Should I be worried if flood waters reach my well?

Michigan Department of Environmental Quality urges caution. Flood waters can carry contaminants into residential well water supplies.

Receding flood waters continue to impact a residential water well. Photo credit: Michigan Department of Environmental Quality l MSU Extension

Receding flood waters continue to impact a residential water well. Photo credit: Michigan Department of Environmental Quality l MSU Extension

A recent Michigan State University Extension article provides important guidance on food safety and handling of food items that have come in contact with flood waters. But what about your private, residential water well? According to the Michigan Department of Environmental Quality, “Floodwater contains bacteria and viruses absorbed from soil, organic debris, and sewage systems in addition to fertilizers, pesticides, and other chemical contaminants.” The MDEQ goes on to say, “If your residential well has been flooded, you should immediately refrain from using its water.”

According to FloodSmart.gov, floods are the number one natural disaster in the United States. Unfortunately, many homes are located in flood plains – those areas adjacent to waterways that naturally receive and store excess water during periods of intense precipitation, snow melt and/or coastal storm surge. Development in flood plains creates rooftops and pavement – impervious surfaces that restrict the infiltration, storage and slow release of flood waters within the natural flood plain. When development continues in high-risk areas, properties not officially in the mapped flood plain may also be at risk.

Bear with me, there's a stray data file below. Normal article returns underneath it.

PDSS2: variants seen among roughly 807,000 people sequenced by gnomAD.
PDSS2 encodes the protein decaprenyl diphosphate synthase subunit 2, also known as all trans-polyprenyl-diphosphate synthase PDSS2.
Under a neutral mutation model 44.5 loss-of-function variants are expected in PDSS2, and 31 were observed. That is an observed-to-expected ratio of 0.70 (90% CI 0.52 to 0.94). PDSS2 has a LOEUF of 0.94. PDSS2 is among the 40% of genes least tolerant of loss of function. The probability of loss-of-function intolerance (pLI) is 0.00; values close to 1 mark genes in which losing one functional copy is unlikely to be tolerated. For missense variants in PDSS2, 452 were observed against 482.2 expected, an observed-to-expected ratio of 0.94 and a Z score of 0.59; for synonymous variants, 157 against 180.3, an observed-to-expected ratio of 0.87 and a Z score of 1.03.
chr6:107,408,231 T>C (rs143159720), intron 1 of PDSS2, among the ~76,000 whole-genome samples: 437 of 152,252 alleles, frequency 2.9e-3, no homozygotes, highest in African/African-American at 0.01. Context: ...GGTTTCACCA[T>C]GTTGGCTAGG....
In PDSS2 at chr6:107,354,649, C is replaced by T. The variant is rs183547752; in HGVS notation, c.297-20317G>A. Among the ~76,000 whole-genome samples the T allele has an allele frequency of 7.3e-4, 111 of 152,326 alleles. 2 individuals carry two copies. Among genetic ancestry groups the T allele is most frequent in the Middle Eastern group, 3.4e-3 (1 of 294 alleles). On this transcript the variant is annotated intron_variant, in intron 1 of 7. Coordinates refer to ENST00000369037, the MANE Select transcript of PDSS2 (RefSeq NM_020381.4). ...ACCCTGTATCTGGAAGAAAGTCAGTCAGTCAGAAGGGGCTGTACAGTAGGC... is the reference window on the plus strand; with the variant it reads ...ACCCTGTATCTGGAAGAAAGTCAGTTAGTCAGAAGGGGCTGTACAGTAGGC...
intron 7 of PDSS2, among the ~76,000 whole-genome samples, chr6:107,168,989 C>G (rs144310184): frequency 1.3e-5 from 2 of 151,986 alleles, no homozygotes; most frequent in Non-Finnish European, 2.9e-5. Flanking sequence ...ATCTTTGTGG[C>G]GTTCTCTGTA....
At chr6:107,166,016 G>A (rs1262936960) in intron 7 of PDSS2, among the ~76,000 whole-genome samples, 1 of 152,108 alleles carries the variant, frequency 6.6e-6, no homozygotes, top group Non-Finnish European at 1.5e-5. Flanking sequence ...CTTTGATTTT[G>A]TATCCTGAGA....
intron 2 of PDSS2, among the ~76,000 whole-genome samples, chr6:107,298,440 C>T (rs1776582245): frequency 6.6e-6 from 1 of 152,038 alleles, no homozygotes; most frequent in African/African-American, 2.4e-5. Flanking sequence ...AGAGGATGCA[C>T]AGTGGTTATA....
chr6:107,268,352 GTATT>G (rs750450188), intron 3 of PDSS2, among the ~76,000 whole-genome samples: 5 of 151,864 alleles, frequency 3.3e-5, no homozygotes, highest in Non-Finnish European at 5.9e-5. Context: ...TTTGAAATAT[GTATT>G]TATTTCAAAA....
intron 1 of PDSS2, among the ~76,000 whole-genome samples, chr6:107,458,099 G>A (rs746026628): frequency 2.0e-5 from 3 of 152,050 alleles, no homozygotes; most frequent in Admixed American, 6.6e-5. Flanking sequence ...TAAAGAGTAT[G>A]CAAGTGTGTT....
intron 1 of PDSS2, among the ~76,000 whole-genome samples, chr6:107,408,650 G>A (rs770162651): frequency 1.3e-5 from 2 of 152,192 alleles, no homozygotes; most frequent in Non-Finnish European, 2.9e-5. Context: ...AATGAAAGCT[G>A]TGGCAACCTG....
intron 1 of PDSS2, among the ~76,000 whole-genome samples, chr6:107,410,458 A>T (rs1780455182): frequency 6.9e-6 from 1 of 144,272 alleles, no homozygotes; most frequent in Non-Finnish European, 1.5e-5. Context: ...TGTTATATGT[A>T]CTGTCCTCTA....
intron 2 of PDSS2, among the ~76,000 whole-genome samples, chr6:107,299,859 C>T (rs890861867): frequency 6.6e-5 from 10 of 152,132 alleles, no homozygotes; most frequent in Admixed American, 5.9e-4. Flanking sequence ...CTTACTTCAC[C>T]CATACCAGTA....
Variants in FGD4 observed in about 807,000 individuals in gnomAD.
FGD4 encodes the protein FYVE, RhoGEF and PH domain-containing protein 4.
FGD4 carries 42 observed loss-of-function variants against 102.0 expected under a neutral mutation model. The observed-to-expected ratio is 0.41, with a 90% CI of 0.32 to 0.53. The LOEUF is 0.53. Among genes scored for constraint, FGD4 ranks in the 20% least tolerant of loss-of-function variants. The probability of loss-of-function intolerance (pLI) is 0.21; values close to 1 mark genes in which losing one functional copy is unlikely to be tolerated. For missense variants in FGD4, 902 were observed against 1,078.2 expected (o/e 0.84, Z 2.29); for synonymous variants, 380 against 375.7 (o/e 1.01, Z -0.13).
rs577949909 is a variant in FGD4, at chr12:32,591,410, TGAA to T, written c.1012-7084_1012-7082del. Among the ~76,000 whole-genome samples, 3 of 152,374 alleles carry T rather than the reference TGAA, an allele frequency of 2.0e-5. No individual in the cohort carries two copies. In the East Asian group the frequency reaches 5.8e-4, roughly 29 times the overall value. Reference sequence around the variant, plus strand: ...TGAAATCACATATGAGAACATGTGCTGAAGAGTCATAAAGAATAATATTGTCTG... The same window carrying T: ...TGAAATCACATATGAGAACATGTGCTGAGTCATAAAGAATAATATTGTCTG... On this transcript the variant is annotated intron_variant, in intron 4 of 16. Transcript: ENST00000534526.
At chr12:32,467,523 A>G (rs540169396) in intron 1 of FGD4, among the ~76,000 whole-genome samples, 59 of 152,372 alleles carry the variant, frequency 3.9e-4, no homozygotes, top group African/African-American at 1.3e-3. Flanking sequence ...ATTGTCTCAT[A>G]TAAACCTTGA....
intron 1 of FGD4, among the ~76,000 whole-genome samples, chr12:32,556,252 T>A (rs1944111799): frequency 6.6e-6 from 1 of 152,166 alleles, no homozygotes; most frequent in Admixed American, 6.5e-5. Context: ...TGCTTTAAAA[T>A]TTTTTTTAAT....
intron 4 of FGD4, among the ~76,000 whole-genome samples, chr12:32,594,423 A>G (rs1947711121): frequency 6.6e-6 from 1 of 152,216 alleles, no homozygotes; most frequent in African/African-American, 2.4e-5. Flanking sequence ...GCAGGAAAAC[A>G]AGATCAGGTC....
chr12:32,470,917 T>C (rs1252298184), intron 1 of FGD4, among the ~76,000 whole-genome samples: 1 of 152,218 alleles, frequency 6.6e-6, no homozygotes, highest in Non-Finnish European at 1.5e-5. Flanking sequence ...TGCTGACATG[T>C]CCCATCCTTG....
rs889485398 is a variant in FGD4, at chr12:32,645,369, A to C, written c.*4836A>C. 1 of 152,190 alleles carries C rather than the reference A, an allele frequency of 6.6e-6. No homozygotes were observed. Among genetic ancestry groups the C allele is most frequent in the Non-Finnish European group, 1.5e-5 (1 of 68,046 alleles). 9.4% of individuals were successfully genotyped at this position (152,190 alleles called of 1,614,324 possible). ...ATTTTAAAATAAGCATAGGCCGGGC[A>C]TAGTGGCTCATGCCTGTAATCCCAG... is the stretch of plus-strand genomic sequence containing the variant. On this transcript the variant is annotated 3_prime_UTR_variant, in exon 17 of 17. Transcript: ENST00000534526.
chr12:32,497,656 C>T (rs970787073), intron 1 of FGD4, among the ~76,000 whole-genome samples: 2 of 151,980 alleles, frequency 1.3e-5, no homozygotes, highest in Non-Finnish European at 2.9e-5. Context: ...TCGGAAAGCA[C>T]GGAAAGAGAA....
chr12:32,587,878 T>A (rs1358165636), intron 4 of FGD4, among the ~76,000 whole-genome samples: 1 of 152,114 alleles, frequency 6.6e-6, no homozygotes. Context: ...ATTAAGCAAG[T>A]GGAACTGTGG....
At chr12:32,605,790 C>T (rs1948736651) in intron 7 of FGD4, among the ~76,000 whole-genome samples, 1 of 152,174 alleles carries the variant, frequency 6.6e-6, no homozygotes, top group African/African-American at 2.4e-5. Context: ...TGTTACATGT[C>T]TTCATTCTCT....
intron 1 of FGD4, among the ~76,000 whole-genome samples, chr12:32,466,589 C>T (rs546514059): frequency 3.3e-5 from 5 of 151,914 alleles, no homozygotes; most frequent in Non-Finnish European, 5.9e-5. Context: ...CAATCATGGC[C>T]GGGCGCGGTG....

So how do you know if flood waters have contaminated your residential well? Play it safe. If flood waters have come in contact with your well head or your well pit, it is possible they have seeped down around the well casing and have entered groundwater – the source of drinking water from your residential well. Protect your family from illness by having your well tested. Use bottled water or boil water for household use while waiting for test results. Guidelines for boiling water and information on water testing procedures are provided in a recent news release from the Michigan Department of Environmental Quality. A MDEQ fact sheet offers additional information on caring for your well after a flood event. In addition, your local health department is a good sources of information about wells and flooding.

Residents whose drinking water is supplied by a Community Public Water Supply system (sometimes referred to as city water) should follow boil-water directives from their water supplier during flood events. Community water suppliers are responsible for water testing and for notifying customers of potential problems. 

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